Recently I’ve had several discussions about how well students remember the techniques or classes that they have been to.

Memory is an interesting thing. Especially when applied to a physical skill like jiu-jitsu.  It turns out that memory is a term we use to cover a multitude of different activities in our brain. So perhaps if we can better understand memory we will better understand  how we apply our memory  to jiu jitsu  techniques.

The neurosciency stuff.

There are a number of different ways to view memory but one useful way to think about is that there two types of memory. What is called episodic memory, and then implicit memory. So what’s the difference? Well episodic memory is as the name suggests memory of episodes in our lives. So for example, if I ask you to think of what you did last New Year’s Eve, you would probably pull up an image or a  memory of a particular episode. Who you were with, some of the things you did, maybe even how much you drank.

However if I’ve asked you to actually perform a task, say for example riding a bike or driving a car, the chances are you will not be drawing upon episodic memory. You be drawing on implicit memory. In other words the memory of how to do something,  the memory that gets coded in through activity.

This distinction was brought into stark relief through the study of psychology’s most famous patient.  He was known around the world as HM (HM recently died in 2008 – the most researched man in psychology).   After a childhood accident left HM afflicted with terrible epilepsy, his neurosurgeon sought to reduce the effects by removing a particular part of the brain known as the hippocampus (the surgeon later admitted he had no idea what effect this would have an it was an experimental move).

As a result HM’s amnesia abated, at a catastrophic cost to his memory.  He had developed anterograde amnesia.  What that meant is he could not form any new memories after the time of his surgery. In other words although he could remember his early life (episodic memories)  he could not form any new memories from after the surgery.  He could not even recognize himself in the mirror as he aged

While tragic for HM this condition  provided a wealth of research opportunities for psychologists. They were able to, test HM on his ability to perform over a range of tasks over time despite, having no memory whatsoever of having done the task before. And of course they had a subject that was delighted to perform the same tasks over and over again every day – to him it was new and exciting every time!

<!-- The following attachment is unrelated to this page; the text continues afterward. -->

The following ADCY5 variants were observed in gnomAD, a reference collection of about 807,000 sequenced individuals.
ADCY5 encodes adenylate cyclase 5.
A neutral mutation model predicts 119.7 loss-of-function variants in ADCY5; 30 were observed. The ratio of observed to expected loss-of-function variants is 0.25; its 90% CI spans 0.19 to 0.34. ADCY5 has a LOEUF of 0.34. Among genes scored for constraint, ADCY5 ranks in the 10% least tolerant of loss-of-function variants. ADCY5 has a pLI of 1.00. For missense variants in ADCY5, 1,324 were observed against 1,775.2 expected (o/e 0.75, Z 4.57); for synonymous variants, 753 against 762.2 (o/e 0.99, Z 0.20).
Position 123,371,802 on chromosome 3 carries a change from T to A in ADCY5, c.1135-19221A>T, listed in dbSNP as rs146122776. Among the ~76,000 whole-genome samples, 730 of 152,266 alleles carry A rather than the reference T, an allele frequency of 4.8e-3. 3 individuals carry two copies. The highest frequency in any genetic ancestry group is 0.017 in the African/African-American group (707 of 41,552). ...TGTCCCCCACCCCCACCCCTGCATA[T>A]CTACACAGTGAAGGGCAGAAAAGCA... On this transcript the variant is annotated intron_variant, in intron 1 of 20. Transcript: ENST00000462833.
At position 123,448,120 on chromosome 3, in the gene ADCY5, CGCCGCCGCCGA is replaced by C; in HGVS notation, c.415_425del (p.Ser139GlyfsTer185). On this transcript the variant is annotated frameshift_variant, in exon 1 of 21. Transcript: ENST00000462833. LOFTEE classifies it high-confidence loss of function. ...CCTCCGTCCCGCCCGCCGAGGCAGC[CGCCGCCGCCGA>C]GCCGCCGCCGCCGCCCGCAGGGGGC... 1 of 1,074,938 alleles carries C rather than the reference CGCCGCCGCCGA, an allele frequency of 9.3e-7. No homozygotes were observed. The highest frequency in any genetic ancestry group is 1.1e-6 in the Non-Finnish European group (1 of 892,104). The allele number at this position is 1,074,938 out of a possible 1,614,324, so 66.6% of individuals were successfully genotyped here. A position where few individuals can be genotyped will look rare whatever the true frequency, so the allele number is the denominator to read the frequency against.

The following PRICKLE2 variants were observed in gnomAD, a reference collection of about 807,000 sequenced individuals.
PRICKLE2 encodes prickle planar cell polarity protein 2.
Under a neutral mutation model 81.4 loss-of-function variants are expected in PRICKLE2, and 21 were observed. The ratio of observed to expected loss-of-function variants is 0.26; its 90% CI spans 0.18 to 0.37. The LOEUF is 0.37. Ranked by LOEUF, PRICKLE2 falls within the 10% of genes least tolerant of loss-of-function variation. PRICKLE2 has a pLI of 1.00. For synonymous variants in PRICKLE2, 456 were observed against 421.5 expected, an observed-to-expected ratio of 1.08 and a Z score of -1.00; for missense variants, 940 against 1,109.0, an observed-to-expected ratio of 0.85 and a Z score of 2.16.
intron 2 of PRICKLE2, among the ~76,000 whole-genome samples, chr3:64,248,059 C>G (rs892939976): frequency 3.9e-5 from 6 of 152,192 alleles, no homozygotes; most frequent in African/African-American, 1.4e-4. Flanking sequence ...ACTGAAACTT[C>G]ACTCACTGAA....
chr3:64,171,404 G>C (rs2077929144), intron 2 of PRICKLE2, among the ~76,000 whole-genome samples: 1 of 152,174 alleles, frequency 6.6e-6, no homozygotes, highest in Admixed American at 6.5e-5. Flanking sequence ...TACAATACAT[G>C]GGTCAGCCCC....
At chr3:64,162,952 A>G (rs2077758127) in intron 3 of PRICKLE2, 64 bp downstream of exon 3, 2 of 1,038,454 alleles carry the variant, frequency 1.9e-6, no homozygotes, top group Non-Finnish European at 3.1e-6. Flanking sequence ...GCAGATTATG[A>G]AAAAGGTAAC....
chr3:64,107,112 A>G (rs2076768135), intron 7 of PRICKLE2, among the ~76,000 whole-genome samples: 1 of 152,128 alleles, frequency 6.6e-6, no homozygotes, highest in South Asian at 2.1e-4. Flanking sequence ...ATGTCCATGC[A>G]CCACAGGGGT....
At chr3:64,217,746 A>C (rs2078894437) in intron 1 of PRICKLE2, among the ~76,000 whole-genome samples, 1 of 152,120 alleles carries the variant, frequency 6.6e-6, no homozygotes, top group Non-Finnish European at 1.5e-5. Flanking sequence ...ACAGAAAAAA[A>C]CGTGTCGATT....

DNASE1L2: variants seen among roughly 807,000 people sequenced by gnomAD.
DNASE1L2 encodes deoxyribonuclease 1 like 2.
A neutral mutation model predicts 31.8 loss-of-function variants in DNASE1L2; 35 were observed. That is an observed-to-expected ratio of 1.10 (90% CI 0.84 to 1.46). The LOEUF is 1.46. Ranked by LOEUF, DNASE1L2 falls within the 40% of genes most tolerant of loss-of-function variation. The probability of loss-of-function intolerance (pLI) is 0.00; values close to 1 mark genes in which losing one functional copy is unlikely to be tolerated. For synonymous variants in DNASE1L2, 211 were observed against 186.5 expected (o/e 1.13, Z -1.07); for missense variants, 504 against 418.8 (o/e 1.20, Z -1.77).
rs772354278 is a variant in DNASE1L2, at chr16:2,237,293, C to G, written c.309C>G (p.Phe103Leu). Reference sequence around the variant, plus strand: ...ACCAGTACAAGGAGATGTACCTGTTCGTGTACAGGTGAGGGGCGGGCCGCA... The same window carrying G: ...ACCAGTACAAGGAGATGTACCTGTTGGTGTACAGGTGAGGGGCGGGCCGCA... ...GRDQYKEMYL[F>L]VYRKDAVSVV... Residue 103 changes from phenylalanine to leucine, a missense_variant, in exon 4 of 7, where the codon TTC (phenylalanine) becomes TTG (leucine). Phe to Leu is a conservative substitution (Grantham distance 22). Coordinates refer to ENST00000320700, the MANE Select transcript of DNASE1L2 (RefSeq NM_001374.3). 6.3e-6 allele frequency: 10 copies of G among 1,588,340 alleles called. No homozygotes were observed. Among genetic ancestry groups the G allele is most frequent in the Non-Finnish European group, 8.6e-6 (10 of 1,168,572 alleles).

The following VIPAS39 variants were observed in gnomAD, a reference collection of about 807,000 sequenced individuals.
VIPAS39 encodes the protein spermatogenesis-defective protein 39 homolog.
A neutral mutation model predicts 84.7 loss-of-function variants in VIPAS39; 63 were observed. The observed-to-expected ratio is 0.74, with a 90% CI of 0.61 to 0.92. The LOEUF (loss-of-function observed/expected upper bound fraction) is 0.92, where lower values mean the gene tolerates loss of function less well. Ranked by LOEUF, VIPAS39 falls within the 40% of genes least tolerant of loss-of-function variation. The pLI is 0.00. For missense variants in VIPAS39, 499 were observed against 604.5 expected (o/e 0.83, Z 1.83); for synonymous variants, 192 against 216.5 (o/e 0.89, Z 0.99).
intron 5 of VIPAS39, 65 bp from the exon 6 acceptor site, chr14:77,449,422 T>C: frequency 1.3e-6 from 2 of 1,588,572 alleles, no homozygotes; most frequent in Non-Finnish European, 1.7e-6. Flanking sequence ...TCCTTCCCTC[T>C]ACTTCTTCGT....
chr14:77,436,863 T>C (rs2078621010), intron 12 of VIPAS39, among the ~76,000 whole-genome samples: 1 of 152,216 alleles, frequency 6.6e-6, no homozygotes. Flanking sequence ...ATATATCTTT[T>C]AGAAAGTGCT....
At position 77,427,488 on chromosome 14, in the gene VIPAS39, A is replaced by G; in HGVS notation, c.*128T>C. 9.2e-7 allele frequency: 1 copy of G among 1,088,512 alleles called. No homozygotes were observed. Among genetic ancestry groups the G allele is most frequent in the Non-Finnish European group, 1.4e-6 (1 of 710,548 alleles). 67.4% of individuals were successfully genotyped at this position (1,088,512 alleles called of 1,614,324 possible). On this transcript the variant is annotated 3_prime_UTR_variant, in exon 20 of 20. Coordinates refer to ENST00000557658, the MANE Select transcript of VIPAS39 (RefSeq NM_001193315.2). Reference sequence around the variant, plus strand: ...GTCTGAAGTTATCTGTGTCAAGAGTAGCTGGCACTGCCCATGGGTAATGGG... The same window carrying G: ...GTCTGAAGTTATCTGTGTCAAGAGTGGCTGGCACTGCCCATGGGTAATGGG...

What the researchers discovered, was a very clear distinction between these two types of memory They would sit on the patient in front of a computer screen and asked them what was in front of him.  Having never seen a computer before the surgery, he would  describe it as a telephone typewriter or something of that nature. They would then give him  a simple range of tasks –  like rotating shapes to fit a certain pattern. Although HM had no memory of having done these tasks before, there was a very clear improvement in his ability to perform the tasks over time. In other words the memory was being coded in implicit memory, but not episodic memory.

What became even more interesting was,  being sat for the first time that day in front of a test he had performed many times before, the researchers would sometimes ask HM what he thought he should do in this test. HM’s answer was consistently “I have no idea”. Researchers then asked him to take his best guess at which point he would often take a “guess” which was very close to the specific instructions they were about to provide.

In other words although he had no memory of having ever done the task before, somewhere in his brain was still the knowledge of exactly how to go about doing that task.

So how does this relate to learning jiu-jitsu?

Well we learn in a couple of different ways one is episodic memory. Think back to the last John Will seminar you attended for example. There may be certain parts of the seminar that you remember very clearly, and others which have not been emblazoned across your episodic memory in quite such detail. However in arts like ours it would seem to be that implicit memory is much more important episodic memory.

In other words what does your body remember about how to do the techniques? Sometimes we will perform techniques and will not even remember where we learned them. So how do we increase our rate of  implicit  knowledge.?

Well if HM’s case is anything to go by repetition seems to be the key. Drilling. But this blog is not meant to be just another preach around the importance of drilling.   I think we are all already aware of that.